New EU agency to have broad scope


BRUSSELS -- The planned new EU telecoms authority will have a broad mandate to regulate digital television, mobile TV, Internet protocol-based systems and radio spectrum management, EU Media and Information Society Commissioner Viviane Reding promised Tuesday.

In her first details about the proposed new agency, Reding said that a pan-European authority was needed to ensure that European consumers can enjoy a truly single market when it came to telecoms. "We need a strong European Union telecom market authority to provide consistency and cross border one-stop solutions," Reding said in Budapest.

Reding suggested the new telecoms authority in her package of reforms unveiled Nov. 13. But it was only in Budapest that she revealed the broad scope of the agency, which aims to boost competitiveness and help maintain the EU's leading global role in the sector.

"A patchwork of parochial interests is what we have today. There are some areas where economies of scale can be reaped," Reding said.

The plans already have generated concern amongst Europe's national regulators and established operators, who say the new authority will simply add another layer of bureaucracy to telecoms regulation, yet do little to improve competition. But Reding is confident EU governments will back the proposals that aim to set a level playing field across Europe on a wide range of telecoms, media and broadcasting questions.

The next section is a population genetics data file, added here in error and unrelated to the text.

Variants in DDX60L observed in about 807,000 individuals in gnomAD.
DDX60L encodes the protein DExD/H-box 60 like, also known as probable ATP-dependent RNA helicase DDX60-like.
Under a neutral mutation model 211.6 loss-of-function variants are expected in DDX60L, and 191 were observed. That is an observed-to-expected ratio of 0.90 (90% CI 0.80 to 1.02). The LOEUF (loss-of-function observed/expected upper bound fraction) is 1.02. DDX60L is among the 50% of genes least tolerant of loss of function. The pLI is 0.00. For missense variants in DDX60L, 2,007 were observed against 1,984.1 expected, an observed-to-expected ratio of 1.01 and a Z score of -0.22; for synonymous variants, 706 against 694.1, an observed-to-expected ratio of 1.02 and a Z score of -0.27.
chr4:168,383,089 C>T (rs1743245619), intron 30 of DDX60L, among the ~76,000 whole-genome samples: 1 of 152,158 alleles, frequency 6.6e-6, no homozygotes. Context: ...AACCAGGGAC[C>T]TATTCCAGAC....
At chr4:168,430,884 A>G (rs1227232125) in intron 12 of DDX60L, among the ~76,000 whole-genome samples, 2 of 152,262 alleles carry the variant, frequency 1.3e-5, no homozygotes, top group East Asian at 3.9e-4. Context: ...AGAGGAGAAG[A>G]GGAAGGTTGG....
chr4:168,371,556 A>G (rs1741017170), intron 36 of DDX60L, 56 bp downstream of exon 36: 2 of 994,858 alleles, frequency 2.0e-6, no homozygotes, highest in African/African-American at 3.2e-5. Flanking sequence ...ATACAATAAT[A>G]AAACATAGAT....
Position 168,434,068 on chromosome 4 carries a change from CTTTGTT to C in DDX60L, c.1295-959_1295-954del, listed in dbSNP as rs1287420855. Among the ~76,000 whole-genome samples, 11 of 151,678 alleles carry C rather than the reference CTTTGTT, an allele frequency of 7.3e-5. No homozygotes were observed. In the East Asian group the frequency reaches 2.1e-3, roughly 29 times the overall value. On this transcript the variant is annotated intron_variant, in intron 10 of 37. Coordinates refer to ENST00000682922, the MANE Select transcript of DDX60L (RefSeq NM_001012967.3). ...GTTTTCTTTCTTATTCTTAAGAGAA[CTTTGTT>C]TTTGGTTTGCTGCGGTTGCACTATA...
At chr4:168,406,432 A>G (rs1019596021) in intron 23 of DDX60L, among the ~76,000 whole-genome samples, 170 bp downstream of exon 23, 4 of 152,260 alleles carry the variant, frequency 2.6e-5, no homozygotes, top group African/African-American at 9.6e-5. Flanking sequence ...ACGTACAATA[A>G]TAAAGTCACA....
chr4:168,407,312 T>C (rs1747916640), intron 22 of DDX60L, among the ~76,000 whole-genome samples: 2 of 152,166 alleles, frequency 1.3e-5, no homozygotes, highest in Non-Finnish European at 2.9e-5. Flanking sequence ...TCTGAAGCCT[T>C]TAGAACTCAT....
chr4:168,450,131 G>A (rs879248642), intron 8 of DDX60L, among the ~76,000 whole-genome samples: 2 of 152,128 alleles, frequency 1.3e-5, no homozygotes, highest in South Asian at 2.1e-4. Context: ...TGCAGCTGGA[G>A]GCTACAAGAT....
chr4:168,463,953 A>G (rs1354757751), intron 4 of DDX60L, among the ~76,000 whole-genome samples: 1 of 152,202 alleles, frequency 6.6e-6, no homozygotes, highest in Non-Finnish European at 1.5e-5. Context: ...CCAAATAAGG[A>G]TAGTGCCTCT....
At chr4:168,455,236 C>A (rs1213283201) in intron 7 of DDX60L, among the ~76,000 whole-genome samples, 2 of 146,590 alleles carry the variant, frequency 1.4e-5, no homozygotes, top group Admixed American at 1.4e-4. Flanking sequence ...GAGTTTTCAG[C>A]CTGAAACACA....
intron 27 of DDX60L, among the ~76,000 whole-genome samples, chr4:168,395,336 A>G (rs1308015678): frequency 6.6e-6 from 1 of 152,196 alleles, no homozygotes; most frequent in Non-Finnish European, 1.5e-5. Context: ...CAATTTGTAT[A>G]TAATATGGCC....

One critical issue is the management of radio spectrum, vital for digital broadcasting. Although there will be a "digital dividend" of newly available spectrum once analog broadcasts are switched off, there are no clear rules on how to allocate it.

Reding said the authority would ensure that the market sets the price and bandwidth. But she promised fail-safe mechanisms to guarantee that, for example, mobile phone spectrum is not allocated too close to television broadcasts, which could create signal interference.

Reding also said the EU regulator will be able to set the ground rules for emerging mobile broadcasting technologies. "We won't get there without a single official EU standard," Reding said.

Earlier this year, Reding selected the DVB-H technology as the EU preferred standard, but operators, handset-makers and broadcasters still need to agree on other basic technologies before the system can take off.